Ep115: With the Markets Down, Should I Pay Down my Debt?

About This Episode


Patti Brennan:  Hi, everybody. I’m Patti Brennan. Whether you have $20 or 20 million, this show is for those of you who want to protect, grow, and use your assets to live your very best lives. Today, we’re going to be talking about debt.

This is part of an ongoing series called “Ask Patti Brennan,” and it reflects the questions that we are getting either on our website or phone calls from people just like you who are asking the question, usually something like, “Gee, the market is way down. I’ve lost 20 percent, 25 percent. Should I just pay off my loan? Should I pay off my mortgage? What’s the better alternative?”

Let’s talk about that today because sometimes there’s a very clear answer, and sometimes it’s a little hazy. First, let’s define the type of debt that you might be asking about. There’s good debt, and there’s bad debt.

Easy to understand, good debt might be a mortgage, especially if it’s a fixed rate. Bad debt, a credit card, or maybe the variable loan rates that increase as the Federal Reserve increases interest rates. First and foremost, let’s take a look at the type of debt. By the way, that could also include student loans or 401(k) loans.

Really important questions that need to be asked and then answered, and it’s personal for each one of you tuning in today. As you think that through, the first question is, what is the source of the funds to pay off that debt? If you are going into your emergency fund, where does that leave you?

If you’re going into your emergency fund, do you have a lot of equity in your home, such that a home equity line of credit could serve as an alternative emergency fund? That might be a reasonable decision to make to take some of that money and pay off some of that debt. If you’re going into investments, what are the tax consequences of doing so?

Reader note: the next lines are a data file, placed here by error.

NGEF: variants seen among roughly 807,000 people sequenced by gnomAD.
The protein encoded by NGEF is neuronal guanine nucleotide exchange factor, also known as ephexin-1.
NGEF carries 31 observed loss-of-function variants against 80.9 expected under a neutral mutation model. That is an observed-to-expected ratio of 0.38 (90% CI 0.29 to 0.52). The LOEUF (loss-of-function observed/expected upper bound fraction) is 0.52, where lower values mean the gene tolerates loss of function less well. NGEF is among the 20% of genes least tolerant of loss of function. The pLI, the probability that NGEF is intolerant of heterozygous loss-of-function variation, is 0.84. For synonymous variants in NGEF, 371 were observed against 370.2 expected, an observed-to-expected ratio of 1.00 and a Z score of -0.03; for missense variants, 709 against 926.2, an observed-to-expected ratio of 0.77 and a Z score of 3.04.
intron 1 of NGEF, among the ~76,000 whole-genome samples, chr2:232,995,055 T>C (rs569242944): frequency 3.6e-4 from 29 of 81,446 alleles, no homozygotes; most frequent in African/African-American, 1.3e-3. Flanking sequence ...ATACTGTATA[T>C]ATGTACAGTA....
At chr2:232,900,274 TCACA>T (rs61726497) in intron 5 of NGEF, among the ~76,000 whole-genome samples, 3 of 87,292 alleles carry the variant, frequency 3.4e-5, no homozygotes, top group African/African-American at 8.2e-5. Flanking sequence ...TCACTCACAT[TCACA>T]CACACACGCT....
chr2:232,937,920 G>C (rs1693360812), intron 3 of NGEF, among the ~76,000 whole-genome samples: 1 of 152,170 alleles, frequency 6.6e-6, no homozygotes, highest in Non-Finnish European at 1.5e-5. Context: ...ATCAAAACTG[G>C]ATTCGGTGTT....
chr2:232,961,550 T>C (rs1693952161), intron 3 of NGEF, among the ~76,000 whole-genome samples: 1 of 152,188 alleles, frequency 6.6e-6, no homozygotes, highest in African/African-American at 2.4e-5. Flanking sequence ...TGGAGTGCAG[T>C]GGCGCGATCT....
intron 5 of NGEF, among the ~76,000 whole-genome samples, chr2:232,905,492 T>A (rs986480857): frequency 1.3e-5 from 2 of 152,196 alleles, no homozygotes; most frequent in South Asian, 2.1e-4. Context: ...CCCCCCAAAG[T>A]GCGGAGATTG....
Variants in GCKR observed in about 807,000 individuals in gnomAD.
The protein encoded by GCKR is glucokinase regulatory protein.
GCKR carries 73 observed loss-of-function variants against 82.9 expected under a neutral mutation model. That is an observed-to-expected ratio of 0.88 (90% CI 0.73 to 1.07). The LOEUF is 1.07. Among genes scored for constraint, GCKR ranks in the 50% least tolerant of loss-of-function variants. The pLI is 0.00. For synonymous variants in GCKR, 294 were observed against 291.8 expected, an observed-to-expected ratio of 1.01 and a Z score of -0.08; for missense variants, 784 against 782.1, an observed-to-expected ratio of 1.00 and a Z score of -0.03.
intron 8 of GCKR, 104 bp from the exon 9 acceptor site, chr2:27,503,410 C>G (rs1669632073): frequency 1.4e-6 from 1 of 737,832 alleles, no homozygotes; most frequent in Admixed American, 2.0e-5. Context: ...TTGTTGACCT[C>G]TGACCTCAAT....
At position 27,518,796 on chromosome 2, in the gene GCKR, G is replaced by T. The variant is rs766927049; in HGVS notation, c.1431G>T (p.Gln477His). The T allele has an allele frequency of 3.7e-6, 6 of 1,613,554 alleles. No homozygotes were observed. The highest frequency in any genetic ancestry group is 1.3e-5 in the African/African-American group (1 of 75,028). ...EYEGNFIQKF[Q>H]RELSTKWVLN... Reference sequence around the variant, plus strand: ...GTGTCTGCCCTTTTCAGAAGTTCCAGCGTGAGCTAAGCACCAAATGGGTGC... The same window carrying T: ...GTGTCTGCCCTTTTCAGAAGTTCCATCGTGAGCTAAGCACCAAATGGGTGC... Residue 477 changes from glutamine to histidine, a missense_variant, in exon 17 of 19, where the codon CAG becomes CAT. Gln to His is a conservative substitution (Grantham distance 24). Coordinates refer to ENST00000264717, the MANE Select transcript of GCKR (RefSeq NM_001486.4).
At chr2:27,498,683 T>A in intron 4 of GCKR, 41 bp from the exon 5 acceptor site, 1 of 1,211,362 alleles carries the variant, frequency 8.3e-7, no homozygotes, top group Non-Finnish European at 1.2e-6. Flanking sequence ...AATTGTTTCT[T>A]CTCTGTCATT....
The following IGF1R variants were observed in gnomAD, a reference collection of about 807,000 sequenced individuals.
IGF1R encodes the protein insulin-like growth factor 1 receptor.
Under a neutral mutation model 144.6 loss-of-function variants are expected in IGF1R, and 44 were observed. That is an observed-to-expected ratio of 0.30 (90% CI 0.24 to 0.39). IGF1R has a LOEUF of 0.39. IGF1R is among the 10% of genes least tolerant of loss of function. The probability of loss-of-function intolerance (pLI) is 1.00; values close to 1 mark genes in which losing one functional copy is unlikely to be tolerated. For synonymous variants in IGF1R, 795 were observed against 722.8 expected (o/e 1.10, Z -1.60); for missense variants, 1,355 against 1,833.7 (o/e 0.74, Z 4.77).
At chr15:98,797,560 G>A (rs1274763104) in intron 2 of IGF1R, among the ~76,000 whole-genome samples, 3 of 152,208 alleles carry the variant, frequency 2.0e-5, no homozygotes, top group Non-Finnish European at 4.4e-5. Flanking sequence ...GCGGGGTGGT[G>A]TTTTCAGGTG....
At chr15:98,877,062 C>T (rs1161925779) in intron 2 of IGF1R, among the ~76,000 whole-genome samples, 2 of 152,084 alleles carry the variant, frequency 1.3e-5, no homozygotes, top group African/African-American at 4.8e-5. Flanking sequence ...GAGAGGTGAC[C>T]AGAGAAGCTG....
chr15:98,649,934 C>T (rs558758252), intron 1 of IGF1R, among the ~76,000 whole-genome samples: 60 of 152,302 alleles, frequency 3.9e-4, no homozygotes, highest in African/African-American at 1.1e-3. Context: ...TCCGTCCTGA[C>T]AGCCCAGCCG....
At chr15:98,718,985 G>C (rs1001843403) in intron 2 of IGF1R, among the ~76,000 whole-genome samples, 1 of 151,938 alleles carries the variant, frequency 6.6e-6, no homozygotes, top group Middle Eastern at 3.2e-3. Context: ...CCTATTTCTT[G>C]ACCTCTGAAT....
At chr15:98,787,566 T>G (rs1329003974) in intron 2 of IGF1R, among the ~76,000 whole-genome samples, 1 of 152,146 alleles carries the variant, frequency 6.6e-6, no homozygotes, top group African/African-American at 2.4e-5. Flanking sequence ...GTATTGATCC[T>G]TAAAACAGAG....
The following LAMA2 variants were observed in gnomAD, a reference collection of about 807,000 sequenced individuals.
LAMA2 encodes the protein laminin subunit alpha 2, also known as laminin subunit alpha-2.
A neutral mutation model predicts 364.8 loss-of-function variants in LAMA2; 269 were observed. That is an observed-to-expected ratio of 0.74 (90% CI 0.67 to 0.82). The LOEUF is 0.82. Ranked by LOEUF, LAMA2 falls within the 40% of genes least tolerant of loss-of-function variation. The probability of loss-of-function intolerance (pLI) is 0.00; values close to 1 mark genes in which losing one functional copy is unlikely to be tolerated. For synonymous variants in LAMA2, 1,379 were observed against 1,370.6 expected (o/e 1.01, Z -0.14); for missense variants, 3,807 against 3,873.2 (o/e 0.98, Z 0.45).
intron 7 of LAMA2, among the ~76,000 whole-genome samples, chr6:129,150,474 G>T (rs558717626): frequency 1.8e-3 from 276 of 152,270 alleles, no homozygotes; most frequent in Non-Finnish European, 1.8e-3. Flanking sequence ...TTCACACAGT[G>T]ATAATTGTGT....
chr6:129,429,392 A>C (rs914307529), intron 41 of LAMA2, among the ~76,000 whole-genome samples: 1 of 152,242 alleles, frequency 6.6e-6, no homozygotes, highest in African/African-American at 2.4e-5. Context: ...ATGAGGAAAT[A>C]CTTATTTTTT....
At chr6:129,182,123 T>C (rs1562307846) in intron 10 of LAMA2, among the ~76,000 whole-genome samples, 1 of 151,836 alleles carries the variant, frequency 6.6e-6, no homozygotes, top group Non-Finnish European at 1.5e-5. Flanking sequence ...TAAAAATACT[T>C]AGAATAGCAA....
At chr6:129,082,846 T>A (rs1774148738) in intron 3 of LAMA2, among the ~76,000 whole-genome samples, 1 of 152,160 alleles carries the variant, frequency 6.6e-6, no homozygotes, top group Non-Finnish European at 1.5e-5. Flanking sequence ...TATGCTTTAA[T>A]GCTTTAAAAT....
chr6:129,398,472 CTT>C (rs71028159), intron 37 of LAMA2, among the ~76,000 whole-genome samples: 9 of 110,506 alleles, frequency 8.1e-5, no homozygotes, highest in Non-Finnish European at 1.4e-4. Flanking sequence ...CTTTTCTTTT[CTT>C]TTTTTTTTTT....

It’s important to understand what is the source of the funds that you’re using to pay off the debt. Again, I can’t emphasize it enough. If you’ve got a mortgage, that’s at three and a half percent or below, I would be hard-pressed to recommend getting rid of that at this point in time. I’m not so sure we’re ever going to see a three percent mortgage rate in our future.

That’s an example of a great debt. It doesn’t feel that way right now. Totally understand it, but this period of time is temporary, and you don’t want to make a permanent decision based on temporary circumstances. Very important to understand the implication in the short term as well as the long term and your overall financial plan.

What are your plans? Are you still working? Do you feel secure in your job? Don’t want to drain that emergency fund if a layoff could be in the future. If you’re already retired and you just want to get rid of the darn thing, then by all means. If that would bring you more peace of mind, that’s important, too. We must weigh all of these factors. It is going to be different for everyone.

The most important thing is, as you pay off that loan or that mortgage or whatever debt it might be, that’s going to free up some cash flow. You’re not going to have to make those monthly payments. What are you going to do with that extra cash flow? Are you going to be able to build that emergency fund backup, or replace that investment portfolio that you used to pay off the loan?

The more important question is, not only can you, will you? That’s an important part of this. Be honest with yourself because it’s hard to create a disciplined approach. Easy, once it’s started, but it’s hard to make that decision.

If you’re looking at doing something like that and are saying that every once in a while, you’re going to add money to those accounts, chances are you’re probably not going to replenish it as quickly as you might like. I hope that has been helpful. This is a great question that’s been asked over the last few months.

If you have any other questions, please go to our website at keyfinancialinc.com, or give us a call at Key Financial. Our number is 610-429-9050. We are here to help you, and these podcasts are just one way of doing so. Thanks so much for joining me. I’m Patti Brennan, Key Financial Wealth Management with Wisdom and Care.

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